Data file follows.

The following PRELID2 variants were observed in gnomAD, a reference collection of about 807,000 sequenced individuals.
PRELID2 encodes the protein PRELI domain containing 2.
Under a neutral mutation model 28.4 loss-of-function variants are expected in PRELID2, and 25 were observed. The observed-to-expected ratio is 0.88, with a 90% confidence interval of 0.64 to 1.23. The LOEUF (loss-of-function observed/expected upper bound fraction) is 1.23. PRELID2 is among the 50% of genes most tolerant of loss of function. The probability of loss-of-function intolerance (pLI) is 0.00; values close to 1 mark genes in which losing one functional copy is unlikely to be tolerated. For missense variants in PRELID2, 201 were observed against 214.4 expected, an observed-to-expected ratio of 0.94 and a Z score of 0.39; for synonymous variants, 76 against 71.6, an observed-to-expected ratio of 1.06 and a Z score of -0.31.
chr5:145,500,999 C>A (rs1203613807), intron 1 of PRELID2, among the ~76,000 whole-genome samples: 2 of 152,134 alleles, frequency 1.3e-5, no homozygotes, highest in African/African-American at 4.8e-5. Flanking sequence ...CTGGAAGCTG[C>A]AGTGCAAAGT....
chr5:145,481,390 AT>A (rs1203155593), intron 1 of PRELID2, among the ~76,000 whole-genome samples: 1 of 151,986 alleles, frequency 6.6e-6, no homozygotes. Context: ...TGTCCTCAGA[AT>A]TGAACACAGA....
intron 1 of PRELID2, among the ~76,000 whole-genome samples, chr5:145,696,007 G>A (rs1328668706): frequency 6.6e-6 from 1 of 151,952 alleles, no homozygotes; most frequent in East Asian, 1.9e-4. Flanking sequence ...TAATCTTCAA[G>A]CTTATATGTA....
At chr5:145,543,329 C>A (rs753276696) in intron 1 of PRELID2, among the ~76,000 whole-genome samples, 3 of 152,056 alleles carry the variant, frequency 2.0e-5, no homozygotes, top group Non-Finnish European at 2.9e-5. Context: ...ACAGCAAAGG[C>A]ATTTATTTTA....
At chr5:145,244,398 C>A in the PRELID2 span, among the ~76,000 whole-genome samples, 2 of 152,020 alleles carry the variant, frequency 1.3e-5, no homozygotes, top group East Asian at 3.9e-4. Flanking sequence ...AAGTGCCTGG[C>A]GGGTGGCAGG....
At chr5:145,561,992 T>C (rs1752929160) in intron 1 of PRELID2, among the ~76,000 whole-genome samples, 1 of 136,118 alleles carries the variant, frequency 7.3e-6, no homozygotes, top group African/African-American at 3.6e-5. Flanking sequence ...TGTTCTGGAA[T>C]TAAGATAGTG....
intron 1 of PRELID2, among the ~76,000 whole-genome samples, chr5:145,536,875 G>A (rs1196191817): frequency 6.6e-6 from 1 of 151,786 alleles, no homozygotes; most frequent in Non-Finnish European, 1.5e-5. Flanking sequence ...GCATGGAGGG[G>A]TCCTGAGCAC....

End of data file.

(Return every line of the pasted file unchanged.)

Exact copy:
The following PRELID2 variants were observed in gnomAD, a reference collection of about 807,000 sequenced individuals.
PRELID2 encodes the protein PRELI domain containing 2.
Under a neutral mutation model 28.4 loss-of-function variants are expected in PRELID2, and 25 were observed. The observed-to-expected ratio is 0.88, with a 90% confidence interval of 0.64 to 1.23. The LOEUF (loss-of-function observed/expected upper bound fraction) is 1.23. PRELID2 is among the 50% of genes most tolerant of loss of function. The probability of loss-of-function intolerance (pLI) is 0.00; values close to 1 mark genes in which losing one functional copy is unlikely to be tolerated. For missense variants in PRELID2, 201 were observed against 214.4 expected, an observed-to-expected ratio of 0.94 and a Z score of 0.39; for synonymous variants, 76 against 71.6, an observed-to-expected ratio of 1.06 and a Z score of -0.31.
chr5:145,500,999 C>A (rs1203613807), intron 1 of PRELID2, among the ~76,000 whole-genome samples: 2 of 152,134 alleles, frequency 1.3e-5, no homozygotes, highest in African/African-American at 4.8e-5. Flanking sequence ...CTGGAAGCTG[C>A]AGTGCAAAGT....
chr5:145,481,390 AT>A (rs1203155593), intron 1 of PRELID2, among the ~76,000 whole-genome samples: 1 of 151,986 alleles, frequency 6.6e-6, no homozygotes. Context: ...TGTCCTCAGA[AT>A]TGAACACAGA....
intron 1 of PRELID2, among the ~76,000 whole-genome samples, chr5:145,696,007 G>A (rs1328668706): frequency 6.6e-6 from 1 of 151,952 alleles, no homozygotes; most frequent in East Asian, 1.9e-4. Flanking sequence ...TAATCTTCAA[G>A]CTTATATGTA....
At chr5:145,543,329 C>A (rs753276696) in intron 1 of PRELID2, among the ~76,000 whole-genome samples, 3 of 152,056 alleles carry the variant, frequency 2.0e-5, no homozygotes, top group Non-Finnish European at 2.9e-5. Context: ...ACAGCAAAGG[C>A]ATTTATTTTA....
At chr5:145,244,398 C>A in the PRELID2 span, among the ~76,000 whole-genome samples, 2 of 152,020 alleles carry the variant, frequency 1.3e-5, no homozygotes, top group East Asian at 3.9e-4. Flanking sequence ...AAGTGCCTGG[C>A]GGGTGGCAGG....
At chr5:145,561,992 T>C (rs1752929160) in intron 1 of PRELID2, among the ~76,000 whole-genome samples, 1 of 136,118 alleles carries the variant, frequency 7.3e-6, no homozygotes, top group African/African-American at 3.6e-5. Flanking sequence ...TGTTCTGGAA[T>C]TAAGATAGTG....
intron 1 of PRELID2, among the ~76,000 whole-genome samples, chr5:145,536,875 G>A (rs1196191817): frequency 6.6e-6 from 1 of 151,786 alleles, no homozygotes; most frequent in Non-Finnish European, 1.5e-5. Flanking sequence ...GCATGGAGGG[G>A]TCCTGAGCAC....